School holidays have always been great for my fitness.  Even though I miss the walking to school, I make up for it by getting the kids out in the fresh air whenever possible.  Simply going to the park and playing with a Frisbee or a ball gets us all moving about, and the local pool has great rates so we can all go for a swim, which is well known to be great exercise.  I also think that everyone should know how to swim, just in case.  Exercise doesn’t have to be expensive; just getting outside for a walk can be great fun.  Our local nature reserves offer guided walks that teach you about the wildlife as you enjoy the scenery.

There are plenty of other little things I do to add a bit more movement in every area of life – the classics such as always taking the stairs when you can and getting off the bus a stop early all add up. I try to park at the opposite end of a car park for those few extra steps – as long as it isn’t raining – and my forgetfulness means I usually have to go upstairs a few extra times every day for things I have forgotten.

I’m not saying that the gym is not beneficial.  Exercise is important and, if the gym works for you, go along and enjoy it.  I personally find that there are plenty of cheaper and more time-effective ways to keep myself fit; it just takes a little imagination.

Shopping for school clothes

The time of year is coming around again when we have to start thinking about shopping for school clothes.  Both my daughters wear uniforms and have done so throughout their school years, which would seem to make this task easier, and it does when they are young but that soon changes.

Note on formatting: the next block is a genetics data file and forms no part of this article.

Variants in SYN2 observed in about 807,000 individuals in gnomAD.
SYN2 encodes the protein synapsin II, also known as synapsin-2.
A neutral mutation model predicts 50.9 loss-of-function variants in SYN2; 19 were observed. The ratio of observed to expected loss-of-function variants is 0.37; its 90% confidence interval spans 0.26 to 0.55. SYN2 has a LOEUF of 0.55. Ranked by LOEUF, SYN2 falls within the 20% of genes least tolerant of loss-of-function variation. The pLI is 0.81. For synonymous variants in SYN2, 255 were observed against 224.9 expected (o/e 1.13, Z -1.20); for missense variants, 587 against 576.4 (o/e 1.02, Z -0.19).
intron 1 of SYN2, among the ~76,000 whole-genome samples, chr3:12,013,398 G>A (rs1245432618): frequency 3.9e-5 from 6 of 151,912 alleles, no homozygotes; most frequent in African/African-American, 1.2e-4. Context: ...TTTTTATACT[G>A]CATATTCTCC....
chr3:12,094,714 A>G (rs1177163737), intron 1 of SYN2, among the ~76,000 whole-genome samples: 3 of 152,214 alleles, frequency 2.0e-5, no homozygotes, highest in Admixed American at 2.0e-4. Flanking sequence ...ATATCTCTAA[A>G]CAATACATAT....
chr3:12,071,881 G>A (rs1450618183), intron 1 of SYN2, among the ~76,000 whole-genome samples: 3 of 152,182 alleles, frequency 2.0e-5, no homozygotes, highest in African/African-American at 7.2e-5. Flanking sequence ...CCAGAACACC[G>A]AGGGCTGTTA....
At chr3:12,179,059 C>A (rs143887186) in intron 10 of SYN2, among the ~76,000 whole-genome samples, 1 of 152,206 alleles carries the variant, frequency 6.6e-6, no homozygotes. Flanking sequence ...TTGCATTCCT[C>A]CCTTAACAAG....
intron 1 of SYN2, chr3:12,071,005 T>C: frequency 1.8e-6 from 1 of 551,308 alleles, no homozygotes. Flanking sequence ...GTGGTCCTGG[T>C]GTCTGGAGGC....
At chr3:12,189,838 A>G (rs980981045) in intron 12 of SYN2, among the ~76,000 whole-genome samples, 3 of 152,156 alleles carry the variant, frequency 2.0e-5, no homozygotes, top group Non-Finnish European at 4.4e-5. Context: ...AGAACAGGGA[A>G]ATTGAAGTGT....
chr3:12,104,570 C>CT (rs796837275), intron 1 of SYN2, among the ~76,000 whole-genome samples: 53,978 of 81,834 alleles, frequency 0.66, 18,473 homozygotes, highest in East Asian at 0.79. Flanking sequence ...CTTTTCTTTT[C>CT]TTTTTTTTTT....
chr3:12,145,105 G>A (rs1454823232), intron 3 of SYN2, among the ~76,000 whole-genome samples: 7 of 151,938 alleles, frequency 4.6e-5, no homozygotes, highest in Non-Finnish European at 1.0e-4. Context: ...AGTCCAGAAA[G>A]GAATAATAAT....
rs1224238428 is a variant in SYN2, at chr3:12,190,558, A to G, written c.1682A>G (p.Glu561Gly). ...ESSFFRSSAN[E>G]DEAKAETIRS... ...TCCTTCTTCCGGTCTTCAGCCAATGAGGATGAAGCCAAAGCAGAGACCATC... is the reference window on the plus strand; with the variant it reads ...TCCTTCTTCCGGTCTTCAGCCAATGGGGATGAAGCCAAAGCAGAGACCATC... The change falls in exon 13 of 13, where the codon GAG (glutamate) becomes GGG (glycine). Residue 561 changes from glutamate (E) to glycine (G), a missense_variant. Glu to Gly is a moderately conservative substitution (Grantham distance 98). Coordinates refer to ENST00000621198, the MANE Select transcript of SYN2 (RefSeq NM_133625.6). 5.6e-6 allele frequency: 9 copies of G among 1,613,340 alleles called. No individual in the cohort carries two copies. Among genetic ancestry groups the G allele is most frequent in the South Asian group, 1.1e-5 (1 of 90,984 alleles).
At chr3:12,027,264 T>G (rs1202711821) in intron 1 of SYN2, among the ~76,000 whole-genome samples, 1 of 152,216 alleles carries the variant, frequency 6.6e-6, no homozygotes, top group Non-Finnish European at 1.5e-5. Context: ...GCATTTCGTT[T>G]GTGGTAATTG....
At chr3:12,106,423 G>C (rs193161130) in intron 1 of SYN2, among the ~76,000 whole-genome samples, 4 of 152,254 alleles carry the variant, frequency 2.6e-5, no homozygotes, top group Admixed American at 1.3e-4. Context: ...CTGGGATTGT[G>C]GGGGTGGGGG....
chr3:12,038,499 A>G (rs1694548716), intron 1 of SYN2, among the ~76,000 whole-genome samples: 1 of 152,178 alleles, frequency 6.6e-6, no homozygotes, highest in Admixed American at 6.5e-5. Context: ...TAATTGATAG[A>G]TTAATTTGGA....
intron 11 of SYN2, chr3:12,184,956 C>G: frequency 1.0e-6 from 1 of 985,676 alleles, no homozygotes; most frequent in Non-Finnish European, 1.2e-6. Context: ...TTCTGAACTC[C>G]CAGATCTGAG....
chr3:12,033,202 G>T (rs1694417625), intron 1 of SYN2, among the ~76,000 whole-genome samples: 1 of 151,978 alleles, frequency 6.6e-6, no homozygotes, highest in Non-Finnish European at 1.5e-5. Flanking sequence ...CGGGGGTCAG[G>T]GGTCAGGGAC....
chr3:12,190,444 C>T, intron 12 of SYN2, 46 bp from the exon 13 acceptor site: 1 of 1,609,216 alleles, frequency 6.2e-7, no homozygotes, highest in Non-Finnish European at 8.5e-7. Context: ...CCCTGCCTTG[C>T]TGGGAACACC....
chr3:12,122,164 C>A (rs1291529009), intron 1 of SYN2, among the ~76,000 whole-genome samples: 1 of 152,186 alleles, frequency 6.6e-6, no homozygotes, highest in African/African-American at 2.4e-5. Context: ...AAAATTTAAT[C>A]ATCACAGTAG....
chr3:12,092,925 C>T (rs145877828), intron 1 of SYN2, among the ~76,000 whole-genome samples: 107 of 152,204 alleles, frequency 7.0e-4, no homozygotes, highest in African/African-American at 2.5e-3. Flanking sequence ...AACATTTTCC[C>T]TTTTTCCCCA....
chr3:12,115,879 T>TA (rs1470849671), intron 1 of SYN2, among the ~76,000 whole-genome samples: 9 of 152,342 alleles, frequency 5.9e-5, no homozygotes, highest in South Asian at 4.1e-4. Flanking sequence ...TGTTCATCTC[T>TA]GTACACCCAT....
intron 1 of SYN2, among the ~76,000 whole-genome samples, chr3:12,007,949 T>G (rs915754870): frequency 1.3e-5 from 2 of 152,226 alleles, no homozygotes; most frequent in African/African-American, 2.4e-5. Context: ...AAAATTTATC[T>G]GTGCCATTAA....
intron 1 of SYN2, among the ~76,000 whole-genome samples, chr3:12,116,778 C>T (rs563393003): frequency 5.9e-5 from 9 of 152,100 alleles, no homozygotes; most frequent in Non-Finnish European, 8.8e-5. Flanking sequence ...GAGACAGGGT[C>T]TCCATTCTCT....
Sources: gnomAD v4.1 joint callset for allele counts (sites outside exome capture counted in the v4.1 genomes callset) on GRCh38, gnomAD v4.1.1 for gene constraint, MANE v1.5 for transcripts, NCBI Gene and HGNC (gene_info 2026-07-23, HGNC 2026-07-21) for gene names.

At primary school they had a simple grey and white skirt, or trousers, and shirt or polo shirt and a maroon sweater.  They didn’t care what brand it was, what length the skirt was, or how tight their trousers were; life was simple.  As they got older, however, and started becoming aware of fashion and competing with their peers in what they wore, everything got very complicated.  The secondary school that the eldest is attending does not have a strict uniform, just guidelines.  This can be very hard for parents, as they are under pressure to get the right brands for their kids so that they are not singled out at school and, of course, they require clothing outside school hours as well.

My daughters want to have exactly the right brands and the perfect skirt length, so we have a constant battle about how much I am willing to spend on school clothes that they will grow out of quickly.  I understand the pressure they are under to have the right kit, but why is it always the most expensive kind?  It would make the lives of parents much easier if the school had a set supplier, or better still supplied the uniform to parents at cost so that all the kids were dressed the same.  This would truly follow the purpose of having a uniform, which is to make children equal and give parents a break.